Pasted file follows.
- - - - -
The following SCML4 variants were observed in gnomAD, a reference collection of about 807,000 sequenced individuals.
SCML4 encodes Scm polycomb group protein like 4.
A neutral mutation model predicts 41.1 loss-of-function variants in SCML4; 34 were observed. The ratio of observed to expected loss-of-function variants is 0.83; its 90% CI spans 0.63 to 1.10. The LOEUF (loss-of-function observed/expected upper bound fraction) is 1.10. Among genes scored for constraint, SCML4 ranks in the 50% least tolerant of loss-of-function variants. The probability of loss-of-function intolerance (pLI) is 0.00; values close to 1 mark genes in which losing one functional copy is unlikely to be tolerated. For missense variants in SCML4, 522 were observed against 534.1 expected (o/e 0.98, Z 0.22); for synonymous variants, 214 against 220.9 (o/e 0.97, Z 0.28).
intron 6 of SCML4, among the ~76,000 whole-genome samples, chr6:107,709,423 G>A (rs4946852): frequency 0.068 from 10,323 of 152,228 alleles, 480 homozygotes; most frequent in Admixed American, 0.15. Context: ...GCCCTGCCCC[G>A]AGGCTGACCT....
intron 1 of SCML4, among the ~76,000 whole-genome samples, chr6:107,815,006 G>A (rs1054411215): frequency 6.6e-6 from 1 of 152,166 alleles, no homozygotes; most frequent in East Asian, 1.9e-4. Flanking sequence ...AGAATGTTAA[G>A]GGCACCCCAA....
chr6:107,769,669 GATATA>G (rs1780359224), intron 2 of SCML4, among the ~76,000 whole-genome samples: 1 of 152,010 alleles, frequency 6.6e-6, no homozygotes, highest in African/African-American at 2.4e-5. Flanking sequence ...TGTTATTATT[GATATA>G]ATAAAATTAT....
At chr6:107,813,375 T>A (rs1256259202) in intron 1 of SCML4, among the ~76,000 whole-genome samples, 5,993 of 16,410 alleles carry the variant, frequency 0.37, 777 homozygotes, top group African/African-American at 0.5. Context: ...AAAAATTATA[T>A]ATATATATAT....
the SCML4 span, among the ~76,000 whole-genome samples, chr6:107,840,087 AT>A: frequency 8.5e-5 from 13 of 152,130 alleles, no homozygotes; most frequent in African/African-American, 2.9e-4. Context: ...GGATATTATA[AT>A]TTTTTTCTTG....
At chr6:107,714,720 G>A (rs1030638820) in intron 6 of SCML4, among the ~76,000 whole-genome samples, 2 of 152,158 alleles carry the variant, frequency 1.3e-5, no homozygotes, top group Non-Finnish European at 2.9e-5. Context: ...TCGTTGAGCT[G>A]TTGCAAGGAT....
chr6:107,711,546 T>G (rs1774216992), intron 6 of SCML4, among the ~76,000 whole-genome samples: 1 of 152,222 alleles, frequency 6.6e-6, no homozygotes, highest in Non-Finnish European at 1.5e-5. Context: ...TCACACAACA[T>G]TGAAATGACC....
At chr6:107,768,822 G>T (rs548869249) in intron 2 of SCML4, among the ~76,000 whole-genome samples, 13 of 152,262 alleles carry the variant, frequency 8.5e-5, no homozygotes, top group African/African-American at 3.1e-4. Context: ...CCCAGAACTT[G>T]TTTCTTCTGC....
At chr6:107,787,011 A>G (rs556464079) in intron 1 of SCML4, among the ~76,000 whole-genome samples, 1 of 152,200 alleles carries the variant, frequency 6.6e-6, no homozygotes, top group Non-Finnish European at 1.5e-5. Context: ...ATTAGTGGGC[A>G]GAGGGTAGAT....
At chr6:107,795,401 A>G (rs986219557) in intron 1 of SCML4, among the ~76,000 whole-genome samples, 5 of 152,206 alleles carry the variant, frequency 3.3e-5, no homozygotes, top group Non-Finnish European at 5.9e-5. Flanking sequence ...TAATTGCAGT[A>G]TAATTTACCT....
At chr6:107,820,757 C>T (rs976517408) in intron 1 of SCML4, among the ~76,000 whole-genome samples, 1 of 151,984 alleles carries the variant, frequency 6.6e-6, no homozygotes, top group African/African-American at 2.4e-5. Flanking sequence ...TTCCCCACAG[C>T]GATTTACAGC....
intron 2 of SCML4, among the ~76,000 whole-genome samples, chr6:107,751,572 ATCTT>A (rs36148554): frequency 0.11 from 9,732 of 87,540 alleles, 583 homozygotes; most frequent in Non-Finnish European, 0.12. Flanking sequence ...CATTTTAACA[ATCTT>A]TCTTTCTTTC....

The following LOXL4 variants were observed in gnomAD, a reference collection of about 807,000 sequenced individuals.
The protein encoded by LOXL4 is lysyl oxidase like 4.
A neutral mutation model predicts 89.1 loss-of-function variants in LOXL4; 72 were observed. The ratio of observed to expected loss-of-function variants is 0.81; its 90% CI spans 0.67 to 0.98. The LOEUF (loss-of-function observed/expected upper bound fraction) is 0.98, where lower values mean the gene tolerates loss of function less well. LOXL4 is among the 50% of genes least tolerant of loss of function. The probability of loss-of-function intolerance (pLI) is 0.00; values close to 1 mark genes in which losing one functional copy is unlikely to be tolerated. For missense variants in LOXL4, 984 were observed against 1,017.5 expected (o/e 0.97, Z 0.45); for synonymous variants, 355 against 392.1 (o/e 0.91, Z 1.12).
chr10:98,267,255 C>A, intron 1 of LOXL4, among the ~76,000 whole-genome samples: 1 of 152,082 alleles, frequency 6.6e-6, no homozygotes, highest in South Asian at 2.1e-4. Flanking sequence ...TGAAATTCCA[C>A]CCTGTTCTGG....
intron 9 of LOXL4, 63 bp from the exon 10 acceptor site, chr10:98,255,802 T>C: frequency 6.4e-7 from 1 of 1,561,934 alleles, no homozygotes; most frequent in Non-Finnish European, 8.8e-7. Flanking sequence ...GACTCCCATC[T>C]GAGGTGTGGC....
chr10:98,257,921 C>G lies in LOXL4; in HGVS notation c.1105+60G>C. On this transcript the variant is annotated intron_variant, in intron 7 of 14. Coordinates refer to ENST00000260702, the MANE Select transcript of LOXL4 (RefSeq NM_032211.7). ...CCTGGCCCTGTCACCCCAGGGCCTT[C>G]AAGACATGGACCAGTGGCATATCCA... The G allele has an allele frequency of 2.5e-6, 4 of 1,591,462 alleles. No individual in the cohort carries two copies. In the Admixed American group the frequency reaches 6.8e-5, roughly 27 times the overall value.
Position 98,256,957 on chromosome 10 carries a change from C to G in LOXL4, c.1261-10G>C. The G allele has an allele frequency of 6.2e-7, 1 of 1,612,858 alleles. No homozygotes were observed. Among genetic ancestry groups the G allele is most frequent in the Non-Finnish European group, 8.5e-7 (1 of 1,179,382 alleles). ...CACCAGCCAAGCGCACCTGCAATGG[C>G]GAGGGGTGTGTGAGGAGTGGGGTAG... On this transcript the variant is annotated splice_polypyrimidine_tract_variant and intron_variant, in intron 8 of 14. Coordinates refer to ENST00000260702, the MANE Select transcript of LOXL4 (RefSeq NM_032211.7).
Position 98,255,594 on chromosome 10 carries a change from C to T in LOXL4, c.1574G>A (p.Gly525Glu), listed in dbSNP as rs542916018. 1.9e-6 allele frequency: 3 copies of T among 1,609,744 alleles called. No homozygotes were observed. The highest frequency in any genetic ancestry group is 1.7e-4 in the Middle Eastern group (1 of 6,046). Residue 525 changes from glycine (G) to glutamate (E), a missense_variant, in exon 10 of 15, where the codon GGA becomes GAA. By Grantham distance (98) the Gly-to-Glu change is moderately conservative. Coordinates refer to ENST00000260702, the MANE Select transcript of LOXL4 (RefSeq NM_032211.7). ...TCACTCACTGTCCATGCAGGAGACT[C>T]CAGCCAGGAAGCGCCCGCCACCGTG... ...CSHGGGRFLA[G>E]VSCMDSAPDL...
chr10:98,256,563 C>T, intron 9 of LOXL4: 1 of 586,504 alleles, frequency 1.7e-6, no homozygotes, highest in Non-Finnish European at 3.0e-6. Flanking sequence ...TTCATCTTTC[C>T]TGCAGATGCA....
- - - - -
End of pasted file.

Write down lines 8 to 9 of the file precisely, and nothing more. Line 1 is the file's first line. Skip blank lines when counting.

the SCML4 span, among the ~76,000 whole-genome samples, chr6:107,840,087 AT>A: frequency 8.5e-5 from 13 of 152,130 alleles, no homozygotes; most frequent in African/African-American, 2.9e-4. Context: ...GGATATTATA[AT>A]TTTTTTCTTG....
At chr6:107,714,720 G>A (rs1030638820) in intron 6 of SCML4, among the ~76,000 whole-genome samples, 2 of 152,158 alleles carry the variant, frequency 1.3e-5, no homozygotes, top group Non-Finnish European at 2.9e-5. Context: ...TCGTTGAGCT[G>A]TTGCAAGGAT....